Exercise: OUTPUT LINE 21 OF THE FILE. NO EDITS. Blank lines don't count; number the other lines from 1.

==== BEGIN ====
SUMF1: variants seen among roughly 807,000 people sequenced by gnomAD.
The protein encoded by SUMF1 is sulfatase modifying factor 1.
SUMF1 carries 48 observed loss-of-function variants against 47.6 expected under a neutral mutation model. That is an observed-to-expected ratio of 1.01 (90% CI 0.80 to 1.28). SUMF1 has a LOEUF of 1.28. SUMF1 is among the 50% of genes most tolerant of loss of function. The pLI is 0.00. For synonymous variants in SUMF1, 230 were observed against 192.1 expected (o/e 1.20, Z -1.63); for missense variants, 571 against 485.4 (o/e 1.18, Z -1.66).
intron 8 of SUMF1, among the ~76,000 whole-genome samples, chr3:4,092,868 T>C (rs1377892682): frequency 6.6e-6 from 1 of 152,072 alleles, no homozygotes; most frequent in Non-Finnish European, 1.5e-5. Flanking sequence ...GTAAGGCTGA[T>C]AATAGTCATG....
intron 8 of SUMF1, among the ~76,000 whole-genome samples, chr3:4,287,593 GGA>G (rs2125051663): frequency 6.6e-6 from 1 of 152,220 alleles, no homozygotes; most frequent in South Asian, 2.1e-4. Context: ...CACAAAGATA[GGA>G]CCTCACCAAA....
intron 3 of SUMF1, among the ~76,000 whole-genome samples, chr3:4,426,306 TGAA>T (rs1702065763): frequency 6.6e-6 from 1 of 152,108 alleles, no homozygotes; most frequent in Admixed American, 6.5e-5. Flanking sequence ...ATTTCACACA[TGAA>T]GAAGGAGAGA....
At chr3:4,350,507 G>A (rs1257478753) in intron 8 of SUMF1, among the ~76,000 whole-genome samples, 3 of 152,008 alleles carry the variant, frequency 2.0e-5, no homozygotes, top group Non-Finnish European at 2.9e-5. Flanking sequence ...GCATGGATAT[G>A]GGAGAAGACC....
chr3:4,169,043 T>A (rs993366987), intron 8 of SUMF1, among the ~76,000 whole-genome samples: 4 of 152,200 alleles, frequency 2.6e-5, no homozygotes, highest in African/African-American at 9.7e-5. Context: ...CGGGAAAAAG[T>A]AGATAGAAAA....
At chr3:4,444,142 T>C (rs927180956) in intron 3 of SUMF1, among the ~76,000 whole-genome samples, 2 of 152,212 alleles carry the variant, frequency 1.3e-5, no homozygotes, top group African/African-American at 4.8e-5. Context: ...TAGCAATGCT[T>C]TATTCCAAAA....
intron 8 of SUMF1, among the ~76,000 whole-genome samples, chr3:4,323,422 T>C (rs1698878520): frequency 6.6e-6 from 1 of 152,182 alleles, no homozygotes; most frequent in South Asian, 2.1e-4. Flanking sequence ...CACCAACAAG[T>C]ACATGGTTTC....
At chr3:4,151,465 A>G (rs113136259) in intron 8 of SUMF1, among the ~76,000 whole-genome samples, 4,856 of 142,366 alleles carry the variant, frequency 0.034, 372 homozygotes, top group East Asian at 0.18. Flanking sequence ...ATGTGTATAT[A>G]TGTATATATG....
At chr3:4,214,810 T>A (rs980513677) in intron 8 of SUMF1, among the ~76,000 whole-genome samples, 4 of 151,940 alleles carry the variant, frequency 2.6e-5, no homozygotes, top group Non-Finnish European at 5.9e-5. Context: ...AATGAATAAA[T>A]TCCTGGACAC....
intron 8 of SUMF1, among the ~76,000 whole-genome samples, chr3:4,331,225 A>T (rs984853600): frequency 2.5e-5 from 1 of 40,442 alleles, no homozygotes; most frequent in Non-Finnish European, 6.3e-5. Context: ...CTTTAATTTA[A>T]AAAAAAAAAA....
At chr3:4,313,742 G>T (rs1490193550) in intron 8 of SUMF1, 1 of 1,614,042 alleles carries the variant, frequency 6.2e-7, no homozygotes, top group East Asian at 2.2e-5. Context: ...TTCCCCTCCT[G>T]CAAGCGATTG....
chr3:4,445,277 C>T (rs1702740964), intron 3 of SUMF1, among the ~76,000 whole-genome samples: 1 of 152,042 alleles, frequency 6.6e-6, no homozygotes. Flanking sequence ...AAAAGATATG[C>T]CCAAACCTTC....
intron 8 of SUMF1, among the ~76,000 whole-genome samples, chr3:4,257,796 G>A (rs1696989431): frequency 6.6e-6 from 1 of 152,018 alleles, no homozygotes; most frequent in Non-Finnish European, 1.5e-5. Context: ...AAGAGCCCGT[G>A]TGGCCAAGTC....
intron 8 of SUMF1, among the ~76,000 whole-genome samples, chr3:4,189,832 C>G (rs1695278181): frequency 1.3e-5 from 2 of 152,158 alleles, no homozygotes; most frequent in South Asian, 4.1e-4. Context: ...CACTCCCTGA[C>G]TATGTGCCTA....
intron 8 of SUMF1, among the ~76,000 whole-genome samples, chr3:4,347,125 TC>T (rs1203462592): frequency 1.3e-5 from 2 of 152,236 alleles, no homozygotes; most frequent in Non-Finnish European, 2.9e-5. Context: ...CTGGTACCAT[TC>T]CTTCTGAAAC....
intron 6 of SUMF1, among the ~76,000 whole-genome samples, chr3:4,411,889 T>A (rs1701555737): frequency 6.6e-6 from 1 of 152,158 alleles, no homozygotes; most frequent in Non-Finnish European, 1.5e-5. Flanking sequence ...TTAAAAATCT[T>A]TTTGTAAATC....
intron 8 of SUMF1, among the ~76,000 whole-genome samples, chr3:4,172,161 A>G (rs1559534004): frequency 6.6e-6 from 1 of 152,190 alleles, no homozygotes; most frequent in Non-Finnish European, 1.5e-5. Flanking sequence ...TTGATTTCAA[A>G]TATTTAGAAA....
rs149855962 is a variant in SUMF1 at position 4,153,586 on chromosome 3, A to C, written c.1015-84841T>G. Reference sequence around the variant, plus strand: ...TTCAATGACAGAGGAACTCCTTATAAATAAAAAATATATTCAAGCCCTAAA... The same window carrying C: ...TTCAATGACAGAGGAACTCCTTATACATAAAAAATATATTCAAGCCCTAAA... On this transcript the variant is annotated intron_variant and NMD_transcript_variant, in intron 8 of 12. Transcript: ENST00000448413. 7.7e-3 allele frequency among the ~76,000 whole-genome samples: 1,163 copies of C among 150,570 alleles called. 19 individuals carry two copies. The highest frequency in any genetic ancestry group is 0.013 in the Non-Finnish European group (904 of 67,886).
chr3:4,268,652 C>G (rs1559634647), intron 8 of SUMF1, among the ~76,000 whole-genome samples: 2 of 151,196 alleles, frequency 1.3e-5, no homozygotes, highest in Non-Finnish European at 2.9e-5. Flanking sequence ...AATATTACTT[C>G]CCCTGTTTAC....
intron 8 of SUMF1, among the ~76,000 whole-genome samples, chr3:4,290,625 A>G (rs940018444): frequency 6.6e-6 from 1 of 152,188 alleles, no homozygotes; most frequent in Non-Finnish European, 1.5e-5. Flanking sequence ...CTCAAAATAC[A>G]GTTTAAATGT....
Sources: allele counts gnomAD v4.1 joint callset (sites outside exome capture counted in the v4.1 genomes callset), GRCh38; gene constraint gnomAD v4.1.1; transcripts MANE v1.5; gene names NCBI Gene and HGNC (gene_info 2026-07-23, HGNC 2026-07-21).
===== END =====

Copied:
rs149855962 is a variant in SUMF1 at position 4,153,586 on chromosome 3, A to C, written c.1015-84841T>G. Reference sequence around the variant, plus strand: ...TTCAATGACAGAGGAACTCCTTATAAATAAAAAATATATTCAAGCCCTAAA... The same window carrying C: ...TTCAATGACAGAGGAACTCCTTATACATAAAAAATATATTCAAGCCCTAAA... On this transcript the variant is annotated intron_variant and NMD_transcript_variant, in intron 8 of 12. Transcript: ENST00000448413. 7.7e-3 allele frequency among the ~76,000 whole-genome samples: 1,163 copies of C among 150,570 alleles called. 19 individuals carry two copies. The highest frequency in any genetic ancestry group is 0.013 in the Non-Finnish European group (904 of 67,886).